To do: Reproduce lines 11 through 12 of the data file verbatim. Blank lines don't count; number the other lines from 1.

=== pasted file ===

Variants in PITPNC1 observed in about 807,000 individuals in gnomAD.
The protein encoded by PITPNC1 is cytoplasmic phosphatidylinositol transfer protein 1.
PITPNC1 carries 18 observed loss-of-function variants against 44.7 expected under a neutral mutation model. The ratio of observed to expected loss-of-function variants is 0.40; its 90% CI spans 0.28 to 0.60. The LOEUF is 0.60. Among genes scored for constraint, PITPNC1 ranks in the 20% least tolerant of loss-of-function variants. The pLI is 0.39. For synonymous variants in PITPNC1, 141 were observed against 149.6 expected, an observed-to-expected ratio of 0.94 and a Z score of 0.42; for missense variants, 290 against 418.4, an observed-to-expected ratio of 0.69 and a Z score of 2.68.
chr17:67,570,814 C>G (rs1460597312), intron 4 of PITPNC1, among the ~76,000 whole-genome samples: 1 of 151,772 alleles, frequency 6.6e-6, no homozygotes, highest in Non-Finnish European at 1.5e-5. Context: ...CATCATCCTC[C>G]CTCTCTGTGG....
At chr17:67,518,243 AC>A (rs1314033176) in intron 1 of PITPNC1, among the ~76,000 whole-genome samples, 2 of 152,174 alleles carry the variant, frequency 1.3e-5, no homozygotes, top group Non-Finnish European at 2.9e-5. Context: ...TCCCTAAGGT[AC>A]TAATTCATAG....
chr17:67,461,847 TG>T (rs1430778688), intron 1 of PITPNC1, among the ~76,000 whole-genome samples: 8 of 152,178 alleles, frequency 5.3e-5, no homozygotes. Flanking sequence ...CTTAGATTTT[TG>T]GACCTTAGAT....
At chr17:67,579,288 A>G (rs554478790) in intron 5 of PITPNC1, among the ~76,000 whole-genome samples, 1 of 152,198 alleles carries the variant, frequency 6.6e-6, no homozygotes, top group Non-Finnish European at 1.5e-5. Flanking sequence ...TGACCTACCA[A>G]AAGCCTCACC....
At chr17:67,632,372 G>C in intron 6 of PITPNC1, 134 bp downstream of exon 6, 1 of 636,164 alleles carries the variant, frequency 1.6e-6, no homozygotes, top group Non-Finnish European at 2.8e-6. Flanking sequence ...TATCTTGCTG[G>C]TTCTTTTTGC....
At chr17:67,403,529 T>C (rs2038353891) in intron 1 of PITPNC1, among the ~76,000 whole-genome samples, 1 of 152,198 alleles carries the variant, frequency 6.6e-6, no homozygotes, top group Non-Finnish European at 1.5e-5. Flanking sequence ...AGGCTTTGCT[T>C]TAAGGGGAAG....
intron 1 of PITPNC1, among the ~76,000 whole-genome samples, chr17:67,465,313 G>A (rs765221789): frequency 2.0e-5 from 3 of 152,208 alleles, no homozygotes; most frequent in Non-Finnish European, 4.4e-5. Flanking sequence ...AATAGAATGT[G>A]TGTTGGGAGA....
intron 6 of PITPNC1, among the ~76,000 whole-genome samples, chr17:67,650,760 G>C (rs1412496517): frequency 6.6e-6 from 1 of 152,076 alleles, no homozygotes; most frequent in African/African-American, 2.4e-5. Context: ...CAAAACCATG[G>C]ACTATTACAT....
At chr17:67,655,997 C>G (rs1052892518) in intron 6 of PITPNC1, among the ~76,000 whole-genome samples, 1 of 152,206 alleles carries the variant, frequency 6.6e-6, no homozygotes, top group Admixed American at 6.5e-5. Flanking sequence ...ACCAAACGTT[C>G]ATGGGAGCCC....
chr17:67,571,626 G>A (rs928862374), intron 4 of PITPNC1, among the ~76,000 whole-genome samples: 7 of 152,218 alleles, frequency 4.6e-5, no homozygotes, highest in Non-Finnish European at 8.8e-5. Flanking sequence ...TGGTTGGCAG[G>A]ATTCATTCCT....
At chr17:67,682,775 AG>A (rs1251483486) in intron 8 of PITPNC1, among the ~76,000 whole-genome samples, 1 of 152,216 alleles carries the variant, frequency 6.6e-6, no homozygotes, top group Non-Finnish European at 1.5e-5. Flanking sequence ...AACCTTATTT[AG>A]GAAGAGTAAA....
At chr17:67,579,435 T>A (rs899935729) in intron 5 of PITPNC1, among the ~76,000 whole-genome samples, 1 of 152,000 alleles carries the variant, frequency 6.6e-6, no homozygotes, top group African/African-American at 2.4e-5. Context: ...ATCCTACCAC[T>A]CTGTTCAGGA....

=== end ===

intron 6 of PITPNC1, among the ~76,000 whole-genome samples, chr17:67,650,760 G>C (rs1412496517): frequency 6.6e-6 from 1 of 152,076 alleles, no homozygotes; most frequent in African/African-American, 2.4e-5. Context: ...CAAAACCATG[G>C]ACTATTACAT....
At chr17:67,655,997 C>G (rs1052892518) in intron 6 of PITPNC1, among the ~76,000 whole-genome samples, 1 of 152,206 alleles carries the variant, frequency 6.6e-6, no homozygotes, top group Admixed American at 6.5e-5. Flanking sequence ...ACCAAACGTT[C>G]ATGGGAGCCC....